It is people like Williams who make me afraid to go into my basement alone, the way one of his victims did, and suddenly discovered him there hiding. It is people like Williams who make me afraid to live alone. It is people like Bernardo who make me afraid to walk at night, alone. It is people like these who make women a target.
Suddenly, I am afraid all the time. I am afraid to be recognized as a woman when walking alone at night, often putting up my hood and changing my walk so I don’t become an easy target. I am afraid to come home too late, or to live alone because it makes me vulnerable to others. I am afraid when I get off the bus at night-time, and someone else (a man) gets off the bus too that I could be in danger, even though he may be a perfectly respectable individual, with no intention of harming anyone.
And from this fear, comes shame. I am ashamed of being afraid – of implicitly judging all men based on Williams and Bernado and Pickton. I am ashamed that I want someone to give me a ride from the bus stop at night instead of walking the five-minute walk. I am ashamed that I want my boyfriend to call me every night while I am walking, so I feel that safe because someone is on the other line to make sure I am okay – and I am ashamed at how angry I get when he doesn’t call, because my anger lashes out to cover my fear which I am too embarrassed to admit. I am ashamed that every night I must hide who I am and look more like a man (hood up, swagger) so that I can walk home safely. I am ashamed that every time a car passes me at night, I become afraid, that when I hear footsteps, I start to walk quicker, that I grip my phone tightly and my heart beats faster until I have turned the key in my lock and gotten inside safely. I am ashamed that the same young woman who was always confident she could beat anyone up who hurt her, is suddenly paralyzed with fear.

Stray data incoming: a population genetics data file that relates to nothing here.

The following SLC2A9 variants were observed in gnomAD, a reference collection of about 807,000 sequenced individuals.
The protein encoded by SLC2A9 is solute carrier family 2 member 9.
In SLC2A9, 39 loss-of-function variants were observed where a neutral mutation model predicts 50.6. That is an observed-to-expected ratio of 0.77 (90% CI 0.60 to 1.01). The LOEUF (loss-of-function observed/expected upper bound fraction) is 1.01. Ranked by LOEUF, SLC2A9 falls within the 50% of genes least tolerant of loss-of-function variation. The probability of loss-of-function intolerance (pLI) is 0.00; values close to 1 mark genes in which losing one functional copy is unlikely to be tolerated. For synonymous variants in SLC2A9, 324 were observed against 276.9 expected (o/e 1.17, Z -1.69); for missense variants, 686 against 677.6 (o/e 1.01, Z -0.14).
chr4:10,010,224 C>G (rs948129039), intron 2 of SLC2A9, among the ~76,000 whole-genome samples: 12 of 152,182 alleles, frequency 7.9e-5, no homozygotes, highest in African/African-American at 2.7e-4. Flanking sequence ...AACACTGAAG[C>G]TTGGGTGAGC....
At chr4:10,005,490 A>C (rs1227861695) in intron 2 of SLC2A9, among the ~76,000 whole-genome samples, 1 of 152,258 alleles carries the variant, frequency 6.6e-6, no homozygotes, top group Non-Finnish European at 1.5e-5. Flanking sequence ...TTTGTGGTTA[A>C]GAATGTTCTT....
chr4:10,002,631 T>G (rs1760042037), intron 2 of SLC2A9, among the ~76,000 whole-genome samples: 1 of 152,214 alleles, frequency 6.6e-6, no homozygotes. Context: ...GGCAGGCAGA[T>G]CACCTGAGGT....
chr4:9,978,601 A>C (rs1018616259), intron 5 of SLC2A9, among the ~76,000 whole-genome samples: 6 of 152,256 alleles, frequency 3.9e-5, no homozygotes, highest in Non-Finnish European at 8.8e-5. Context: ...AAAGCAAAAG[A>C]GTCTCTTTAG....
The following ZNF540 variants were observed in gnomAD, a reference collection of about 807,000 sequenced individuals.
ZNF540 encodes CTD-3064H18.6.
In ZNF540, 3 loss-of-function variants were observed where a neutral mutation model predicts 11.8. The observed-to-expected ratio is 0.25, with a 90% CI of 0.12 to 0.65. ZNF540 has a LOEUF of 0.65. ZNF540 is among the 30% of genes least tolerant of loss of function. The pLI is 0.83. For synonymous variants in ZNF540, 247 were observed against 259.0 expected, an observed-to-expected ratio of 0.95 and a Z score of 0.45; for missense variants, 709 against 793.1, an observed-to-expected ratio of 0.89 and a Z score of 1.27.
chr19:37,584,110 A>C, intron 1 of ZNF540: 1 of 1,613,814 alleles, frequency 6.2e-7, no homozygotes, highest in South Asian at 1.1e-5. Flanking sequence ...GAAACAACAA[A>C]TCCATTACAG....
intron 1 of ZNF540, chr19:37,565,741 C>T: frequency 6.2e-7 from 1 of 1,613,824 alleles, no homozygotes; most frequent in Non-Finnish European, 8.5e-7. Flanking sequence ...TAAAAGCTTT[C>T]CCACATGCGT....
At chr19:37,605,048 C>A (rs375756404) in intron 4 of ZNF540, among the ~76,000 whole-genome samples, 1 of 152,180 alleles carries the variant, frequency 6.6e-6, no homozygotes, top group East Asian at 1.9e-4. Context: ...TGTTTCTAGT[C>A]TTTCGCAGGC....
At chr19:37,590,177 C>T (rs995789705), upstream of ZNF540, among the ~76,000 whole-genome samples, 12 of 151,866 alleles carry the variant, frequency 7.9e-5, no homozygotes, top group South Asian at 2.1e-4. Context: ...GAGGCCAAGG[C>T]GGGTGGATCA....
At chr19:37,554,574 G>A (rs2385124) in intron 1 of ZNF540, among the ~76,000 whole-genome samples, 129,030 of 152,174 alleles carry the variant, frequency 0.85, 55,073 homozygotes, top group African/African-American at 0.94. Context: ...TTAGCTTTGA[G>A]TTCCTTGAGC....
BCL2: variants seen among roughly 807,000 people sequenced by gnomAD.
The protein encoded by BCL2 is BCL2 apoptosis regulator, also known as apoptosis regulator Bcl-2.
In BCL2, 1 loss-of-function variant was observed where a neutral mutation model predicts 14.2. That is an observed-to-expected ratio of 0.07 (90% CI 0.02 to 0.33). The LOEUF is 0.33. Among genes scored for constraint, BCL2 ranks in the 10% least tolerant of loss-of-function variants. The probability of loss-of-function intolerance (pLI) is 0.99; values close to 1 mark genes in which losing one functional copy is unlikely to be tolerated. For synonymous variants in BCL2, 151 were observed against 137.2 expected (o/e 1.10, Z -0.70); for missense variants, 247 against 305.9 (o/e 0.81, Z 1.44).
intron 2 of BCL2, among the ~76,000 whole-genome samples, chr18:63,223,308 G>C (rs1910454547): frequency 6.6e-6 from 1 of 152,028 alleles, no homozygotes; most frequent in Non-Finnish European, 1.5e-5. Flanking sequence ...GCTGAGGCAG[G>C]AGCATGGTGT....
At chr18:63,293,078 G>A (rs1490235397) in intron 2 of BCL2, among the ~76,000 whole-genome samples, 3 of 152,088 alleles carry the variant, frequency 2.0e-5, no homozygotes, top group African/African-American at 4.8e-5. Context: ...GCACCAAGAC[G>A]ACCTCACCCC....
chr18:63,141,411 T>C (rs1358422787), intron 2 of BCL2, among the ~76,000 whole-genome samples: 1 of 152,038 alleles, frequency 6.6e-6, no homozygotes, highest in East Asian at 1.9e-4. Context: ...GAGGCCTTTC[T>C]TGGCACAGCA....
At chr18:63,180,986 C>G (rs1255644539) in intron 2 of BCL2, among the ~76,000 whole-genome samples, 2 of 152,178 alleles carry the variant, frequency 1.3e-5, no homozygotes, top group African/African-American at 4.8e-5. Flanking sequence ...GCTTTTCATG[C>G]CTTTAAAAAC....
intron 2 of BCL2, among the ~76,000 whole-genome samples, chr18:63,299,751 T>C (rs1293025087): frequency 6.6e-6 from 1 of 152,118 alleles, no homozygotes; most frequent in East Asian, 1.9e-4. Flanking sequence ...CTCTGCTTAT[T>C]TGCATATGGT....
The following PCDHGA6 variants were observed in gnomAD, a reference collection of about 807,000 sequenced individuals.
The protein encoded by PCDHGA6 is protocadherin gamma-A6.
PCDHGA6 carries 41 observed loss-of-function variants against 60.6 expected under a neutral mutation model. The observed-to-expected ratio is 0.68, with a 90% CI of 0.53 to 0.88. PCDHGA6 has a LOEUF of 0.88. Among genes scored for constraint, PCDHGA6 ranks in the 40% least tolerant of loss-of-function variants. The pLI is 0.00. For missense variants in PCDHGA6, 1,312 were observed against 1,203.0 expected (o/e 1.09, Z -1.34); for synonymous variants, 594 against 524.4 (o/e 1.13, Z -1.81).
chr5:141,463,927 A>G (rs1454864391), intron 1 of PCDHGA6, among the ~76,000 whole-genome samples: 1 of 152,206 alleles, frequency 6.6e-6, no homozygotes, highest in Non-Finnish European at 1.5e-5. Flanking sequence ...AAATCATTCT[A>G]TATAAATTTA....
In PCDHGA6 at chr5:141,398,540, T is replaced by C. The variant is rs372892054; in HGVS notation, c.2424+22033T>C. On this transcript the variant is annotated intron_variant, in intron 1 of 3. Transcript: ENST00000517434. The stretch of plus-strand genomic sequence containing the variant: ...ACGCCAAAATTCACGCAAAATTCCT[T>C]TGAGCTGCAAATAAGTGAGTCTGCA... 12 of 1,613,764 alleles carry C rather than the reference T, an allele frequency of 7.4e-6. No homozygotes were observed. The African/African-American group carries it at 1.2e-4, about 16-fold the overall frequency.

I know what it is like to be hurt – and even though my hurt is nothing to the extent to what these women have went through, I do know the hurt – and the lingering feelings, and the fear of men. It haunts my subconscious and it paralyzes me when cases such as Col. Williams’ comes to light. It is unfair – it is unfair that I must be afraid all the time because I am a woman: I don’t live in a bad neighbourhood, I don’t stay out too late, I don’t talk to strangers – but I am still a target like every other woman. And just when I think “oh, that will never happen to me”, I read about the same response one of Col. William’s victims had before she was brutally raped and killed. I, like every other woman, deserve better: to not be afraid, and to not be ashamed.
I wish I could tell you not to be afraid – because this post is not about making women scared. But it is also about the harsh reality that women are a target – and that no matter how strong or how brave you are, there is still safety in others. To walk alone and call a friend means you are not really alone. To live alone but know your neighbours, or keep in touch with your family means you are not really alone. To sleep alone but to turn on your alarm system at night means you are not really alone.
In short, there can be safety in others – in other people, in other protection systems, in other voices, in protection. It is safety, not just bravery, that will keep you alive.